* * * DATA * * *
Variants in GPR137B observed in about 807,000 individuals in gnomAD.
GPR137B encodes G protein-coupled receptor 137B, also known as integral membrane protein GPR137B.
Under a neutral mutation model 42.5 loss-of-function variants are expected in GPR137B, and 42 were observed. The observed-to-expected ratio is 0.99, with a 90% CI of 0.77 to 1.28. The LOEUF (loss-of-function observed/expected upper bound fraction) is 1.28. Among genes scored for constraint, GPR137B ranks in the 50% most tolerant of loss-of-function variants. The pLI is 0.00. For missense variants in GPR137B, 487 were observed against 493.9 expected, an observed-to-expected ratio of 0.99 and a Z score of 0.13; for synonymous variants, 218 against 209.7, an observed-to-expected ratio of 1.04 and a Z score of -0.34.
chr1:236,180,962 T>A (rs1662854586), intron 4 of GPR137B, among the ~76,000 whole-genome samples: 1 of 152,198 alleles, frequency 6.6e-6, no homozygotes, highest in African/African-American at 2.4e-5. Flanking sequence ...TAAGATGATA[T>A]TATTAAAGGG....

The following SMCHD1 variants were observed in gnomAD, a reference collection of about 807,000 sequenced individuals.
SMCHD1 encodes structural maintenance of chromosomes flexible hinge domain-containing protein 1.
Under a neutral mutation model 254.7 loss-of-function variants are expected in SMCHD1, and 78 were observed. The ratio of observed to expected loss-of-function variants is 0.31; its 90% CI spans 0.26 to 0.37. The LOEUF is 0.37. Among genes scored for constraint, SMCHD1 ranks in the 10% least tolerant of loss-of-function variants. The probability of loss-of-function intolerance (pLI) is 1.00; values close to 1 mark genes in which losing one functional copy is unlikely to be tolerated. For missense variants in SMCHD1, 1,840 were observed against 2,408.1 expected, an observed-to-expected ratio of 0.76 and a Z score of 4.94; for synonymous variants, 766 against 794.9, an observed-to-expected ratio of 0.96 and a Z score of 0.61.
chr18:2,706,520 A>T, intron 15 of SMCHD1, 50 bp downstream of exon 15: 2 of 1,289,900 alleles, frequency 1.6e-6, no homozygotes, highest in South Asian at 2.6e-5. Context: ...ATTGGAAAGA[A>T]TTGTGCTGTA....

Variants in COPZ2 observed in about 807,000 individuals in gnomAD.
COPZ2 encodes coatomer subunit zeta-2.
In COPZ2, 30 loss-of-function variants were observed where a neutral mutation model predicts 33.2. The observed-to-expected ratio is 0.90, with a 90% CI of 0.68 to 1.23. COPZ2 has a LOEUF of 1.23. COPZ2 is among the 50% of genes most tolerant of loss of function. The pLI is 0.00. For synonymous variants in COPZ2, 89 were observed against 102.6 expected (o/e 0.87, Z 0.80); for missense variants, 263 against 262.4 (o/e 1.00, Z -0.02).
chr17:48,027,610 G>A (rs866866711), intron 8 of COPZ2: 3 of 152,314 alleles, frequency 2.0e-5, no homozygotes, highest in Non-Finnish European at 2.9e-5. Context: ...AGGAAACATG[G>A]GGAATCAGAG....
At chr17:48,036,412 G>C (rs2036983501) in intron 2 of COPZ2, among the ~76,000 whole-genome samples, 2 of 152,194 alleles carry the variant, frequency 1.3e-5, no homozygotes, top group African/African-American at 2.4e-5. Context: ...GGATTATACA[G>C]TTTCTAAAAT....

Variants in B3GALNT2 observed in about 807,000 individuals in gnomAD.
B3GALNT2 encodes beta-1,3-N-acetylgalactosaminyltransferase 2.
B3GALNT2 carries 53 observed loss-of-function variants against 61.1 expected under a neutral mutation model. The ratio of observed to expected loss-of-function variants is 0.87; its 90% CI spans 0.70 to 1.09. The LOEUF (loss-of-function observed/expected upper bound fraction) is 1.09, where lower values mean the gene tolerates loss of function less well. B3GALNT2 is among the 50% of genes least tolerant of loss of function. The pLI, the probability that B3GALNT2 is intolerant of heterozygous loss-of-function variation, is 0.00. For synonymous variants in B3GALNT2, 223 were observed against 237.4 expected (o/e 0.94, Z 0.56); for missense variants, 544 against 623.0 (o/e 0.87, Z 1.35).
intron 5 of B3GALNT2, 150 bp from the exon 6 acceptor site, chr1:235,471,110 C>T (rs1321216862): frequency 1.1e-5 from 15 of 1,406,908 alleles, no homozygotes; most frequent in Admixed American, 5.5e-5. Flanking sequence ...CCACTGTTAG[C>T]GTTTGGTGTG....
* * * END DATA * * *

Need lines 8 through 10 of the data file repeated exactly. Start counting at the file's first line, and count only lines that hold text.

chr18:2,706,520 A>T, intron 15 of SMCHD1, 50 bp downstream of exon 15: 2 of 1,289,900 alleles, frequency 1.6e-6, no homozygotes, highest in South Asian at 2.6e-5. Context: ...ATTGGAAAGA[A>T]TTGTGCTGTA....

Variants in COPZ2 observed in about 807,000 individuals in gnomAD.
COPZ2 encodes coatomer subunit zeta-2.